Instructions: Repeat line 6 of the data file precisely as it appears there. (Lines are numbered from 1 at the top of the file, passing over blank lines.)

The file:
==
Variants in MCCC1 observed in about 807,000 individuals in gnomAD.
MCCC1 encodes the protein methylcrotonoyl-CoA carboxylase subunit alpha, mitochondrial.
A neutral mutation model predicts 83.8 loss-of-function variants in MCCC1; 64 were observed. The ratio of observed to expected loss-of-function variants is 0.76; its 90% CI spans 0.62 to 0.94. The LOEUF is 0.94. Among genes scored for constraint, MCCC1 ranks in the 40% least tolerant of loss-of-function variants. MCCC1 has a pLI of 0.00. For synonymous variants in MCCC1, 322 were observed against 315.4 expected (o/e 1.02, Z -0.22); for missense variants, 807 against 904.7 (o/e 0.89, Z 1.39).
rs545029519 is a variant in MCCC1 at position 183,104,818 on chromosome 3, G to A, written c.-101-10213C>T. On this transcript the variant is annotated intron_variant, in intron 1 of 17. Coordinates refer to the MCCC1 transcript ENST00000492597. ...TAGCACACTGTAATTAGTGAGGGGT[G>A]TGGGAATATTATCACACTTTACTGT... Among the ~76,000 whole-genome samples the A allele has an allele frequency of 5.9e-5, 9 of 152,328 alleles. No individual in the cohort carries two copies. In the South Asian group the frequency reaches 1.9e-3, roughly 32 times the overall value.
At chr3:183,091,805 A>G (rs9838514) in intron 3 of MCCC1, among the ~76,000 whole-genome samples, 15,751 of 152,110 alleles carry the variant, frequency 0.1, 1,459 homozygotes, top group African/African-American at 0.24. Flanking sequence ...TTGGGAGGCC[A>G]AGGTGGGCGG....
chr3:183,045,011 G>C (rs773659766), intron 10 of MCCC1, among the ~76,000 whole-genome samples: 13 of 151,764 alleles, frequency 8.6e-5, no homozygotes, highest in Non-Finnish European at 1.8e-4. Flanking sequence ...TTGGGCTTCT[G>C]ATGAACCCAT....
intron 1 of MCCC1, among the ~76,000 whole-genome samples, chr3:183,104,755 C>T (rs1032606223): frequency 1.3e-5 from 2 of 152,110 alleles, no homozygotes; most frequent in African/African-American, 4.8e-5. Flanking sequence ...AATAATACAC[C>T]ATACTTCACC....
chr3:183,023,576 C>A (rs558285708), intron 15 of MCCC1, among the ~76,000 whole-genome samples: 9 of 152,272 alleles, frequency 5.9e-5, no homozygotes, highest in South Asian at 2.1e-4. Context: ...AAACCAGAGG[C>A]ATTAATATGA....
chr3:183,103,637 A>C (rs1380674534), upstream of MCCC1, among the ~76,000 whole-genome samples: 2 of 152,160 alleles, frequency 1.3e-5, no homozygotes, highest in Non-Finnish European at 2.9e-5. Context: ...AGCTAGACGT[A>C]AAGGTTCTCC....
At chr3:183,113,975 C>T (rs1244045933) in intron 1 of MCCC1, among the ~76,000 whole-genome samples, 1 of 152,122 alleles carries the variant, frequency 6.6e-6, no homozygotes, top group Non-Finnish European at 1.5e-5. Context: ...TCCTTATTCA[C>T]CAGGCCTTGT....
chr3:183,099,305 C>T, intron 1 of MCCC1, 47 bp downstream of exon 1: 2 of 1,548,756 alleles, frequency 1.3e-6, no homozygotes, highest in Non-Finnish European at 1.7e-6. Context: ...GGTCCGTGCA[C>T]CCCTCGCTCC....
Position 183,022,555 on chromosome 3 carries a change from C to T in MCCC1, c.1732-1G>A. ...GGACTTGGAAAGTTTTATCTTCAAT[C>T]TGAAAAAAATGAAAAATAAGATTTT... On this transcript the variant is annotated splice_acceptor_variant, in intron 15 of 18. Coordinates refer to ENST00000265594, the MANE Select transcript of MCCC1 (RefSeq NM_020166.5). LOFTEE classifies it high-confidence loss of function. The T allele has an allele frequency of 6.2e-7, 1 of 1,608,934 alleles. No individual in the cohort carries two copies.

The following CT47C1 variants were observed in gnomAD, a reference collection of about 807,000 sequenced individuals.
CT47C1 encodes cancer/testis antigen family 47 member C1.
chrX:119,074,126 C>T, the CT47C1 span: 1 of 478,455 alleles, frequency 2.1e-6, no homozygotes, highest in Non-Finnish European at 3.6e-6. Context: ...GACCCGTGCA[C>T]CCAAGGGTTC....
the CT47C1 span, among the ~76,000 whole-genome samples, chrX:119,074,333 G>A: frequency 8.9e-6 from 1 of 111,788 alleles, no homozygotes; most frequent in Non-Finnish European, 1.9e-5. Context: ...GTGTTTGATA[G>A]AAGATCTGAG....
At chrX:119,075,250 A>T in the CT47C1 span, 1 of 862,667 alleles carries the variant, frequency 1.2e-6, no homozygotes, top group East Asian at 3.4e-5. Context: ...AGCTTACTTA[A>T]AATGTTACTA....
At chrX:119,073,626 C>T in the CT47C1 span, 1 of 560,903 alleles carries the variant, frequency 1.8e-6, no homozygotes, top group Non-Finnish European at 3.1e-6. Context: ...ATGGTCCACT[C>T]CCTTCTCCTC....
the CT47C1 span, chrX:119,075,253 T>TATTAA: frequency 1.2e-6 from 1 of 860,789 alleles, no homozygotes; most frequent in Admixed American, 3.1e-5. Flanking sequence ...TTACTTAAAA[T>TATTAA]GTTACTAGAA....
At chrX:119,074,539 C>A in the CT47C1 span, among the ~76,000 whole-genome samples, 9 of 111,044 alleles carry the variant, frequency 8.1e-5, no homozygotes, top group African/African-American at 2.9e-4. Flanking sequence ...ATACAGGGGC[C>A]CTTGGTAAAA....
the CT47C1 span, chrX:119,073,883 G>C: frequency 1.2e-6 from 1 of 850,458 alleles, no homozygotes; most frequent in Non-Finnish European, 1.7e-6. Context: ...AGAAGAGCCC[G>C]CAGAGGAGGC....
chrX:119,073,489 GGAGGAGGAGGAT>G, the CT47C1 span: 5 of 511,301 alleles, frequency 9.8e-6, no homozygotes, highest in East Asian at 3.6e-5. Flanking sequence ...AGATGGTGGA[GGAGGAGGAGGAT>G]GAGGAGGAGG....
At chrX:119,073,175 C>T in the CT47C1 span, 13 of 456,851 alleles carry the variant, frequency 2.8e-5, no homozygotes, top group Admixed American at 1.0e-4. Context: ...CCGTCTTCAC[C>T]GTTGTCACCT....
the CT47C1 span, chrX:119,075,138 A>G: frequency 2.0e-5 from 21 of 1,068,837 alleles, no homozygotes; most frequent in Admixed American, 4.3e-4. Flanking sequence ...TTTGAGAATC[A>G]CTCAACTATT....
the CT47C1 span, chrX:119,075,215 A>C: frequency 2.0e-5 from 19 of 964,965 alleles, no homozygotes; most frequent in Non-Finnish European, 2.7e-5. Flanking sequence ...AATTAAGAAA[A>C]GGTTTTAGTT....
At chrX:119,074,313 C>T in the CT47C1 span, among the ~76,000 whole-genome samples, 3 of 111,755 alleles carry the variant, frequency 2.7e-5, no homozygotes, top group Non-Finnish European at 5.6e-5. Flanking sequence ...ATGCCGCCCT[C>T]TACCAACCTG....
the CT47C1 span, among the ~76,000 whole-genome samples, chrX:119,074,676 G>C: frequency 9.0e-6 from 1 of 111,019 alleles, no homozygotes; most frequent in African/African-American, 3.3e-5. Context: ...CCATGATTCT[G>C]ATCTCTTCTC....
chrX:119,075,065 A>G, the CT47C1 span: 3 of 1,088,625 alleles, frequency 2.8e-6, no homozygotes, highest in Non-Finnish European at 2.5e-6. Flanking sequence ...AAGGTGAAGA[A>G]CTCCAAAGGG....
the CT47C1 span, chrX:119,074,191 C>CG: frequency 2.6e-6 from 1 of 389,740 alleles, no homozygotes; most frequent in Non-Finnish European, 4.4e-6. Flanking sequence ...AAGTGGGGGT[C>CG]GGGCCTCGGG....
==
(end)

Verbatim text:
chr3:183,045,011 G>C (rs773659766), intron 10 of MCCC1, among the ~76,000 whole-genome samples: 13 of 151,764 alleles, frequency 8.6e-5, no homozygotes, highest in Non-Finnish European at 1.8e-4. Flanking sequence ...TTGGGCTTCT[G>C]ATGAACCCAT....